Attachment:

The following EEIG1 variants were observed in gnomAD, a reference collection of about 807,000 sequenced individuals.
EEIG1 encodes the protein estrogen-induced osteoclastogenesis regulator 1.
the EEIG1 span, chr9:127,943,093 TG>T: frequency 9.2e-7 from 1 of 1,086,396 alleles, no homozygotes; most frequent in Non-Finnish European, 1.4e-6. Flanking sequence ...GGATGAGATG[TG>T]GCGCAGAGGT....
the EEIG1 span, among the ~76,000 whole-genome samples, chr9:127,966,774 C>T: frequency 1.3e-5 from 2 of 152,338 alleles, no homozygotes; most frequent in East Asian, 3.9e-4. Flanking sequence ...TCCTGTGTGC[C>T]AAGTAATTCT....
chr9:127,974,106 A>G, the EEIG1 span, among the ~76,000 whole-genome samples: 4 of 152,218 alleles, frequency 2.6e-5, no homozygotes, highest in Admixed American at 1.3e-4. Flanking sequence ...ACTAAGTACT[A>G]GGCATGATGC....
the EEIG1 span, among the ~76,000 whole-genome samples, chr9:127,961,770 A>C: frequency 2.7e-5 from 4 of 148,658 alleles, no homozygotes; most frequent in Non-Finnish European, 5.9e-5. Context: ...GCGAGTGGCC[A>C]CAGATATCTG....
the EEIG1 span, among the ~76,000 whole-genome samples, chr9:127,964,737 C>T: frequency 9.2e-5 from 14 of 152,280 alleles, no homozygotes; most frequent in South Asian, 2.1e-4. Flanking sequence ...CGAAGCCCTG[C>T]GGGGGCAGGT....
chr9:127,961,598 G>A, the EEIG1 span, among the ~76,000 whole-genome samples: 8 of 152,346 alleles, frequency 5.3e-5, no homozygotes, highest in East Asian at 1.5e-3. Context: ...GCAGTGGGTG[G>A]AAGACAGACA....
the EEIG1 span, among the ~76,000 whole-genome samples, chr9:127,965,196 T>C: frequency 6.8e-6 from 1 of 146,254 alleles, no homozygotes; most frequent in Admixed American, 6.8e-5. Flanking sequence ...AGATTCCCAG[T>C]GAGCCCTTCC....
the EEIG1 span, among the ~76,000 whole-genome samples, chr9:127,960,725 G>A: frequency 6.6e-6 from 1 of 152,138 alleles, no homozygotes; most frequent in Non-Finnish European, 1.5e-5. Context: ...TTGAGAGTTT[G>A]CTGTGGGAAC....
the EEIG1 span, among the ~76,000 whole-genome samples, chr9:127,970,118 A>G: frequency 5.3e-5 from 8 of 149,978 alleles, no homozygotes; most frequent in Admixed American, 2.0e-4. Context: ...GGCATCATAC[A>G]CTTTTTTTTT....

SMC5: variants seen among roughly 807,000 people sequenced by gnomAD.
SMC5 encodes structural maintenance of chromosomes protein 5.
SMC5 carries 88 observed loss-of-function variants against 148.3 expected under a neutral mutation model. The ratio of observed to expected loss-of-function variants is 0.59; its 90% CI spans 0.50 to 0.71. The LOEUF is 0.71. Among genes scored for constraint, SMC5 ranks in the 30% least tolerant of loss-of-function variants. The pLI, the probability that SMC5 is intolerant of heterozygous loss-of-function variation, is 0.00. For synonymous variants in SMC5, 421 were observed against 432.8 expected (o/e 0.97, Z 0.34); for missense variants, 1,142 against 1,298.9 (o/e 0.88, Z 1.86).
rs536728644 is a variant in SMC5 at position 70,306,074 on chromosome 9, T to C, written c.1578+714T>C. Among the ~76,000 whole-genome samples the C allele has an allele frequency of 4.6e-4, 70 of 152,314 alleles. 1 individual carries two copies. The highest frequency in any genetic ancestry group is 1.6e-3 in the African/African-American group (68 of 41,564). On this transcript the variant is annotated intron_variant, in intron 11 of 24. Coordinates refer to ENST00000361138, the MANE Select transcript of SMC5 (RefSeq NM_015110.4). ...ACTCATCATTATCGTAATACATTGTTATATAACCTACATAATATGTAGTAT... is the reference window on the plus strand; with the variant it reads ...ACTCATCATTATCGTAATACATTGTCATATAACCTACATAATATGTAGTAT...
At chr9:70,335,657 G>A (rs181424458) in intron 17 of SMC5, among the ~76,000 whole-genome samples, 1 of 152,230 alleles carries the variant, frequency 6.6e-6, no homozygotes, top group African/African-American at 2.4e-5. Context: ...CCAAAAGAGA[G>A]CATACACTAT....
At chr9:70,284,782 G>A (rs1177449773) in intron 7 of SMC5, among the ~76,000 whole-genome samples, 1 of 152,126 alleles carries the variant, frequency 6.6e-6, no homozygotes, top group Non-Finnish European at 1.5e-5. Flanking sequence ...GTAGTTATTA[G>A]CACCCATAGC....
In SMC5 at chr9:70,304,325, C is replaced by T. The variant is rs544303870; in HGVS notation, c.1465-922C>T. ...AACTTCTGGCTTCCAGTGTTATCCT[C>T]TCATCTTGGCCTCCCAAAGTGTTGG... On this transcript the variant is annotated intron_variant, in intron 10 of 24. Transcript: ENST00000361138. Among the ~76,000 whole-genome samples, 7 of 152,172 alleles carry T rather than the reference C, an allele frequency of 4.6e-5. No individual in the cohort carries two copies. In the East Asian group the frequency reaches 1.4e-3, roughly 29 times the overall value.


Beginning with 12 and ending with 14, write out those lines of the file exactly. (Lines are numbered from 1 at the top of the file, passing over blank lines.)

SMC5: variants seen among roughly 807,000 people sequenced by gnomAD.
SMC5 encodes structural maintenance of chromosomes protein 5.
SMC5 carries 88 observed loss-of-function variants against 148.3 expected under a neutral mutation model. The ratio of observed to expected loss-of-function variants is 0.59; its 90% CI spans 0.50 to 0.71. The LOEUF is 0.71. Among genes scored for constraint, SMC5 ranks in the 30% least tolerant of loss-of-function variants. The pLI, the probability that SMC5 is intolerant of heterozygous loss-of-function variation, is 0.00. For synonymous variants in SMC5, 421 were observed against 432.8 expected (o/e 0.97, Z 0.34); for missense variants, 1,142 against 1,298.9 (o/e 0.88, Z 1.86).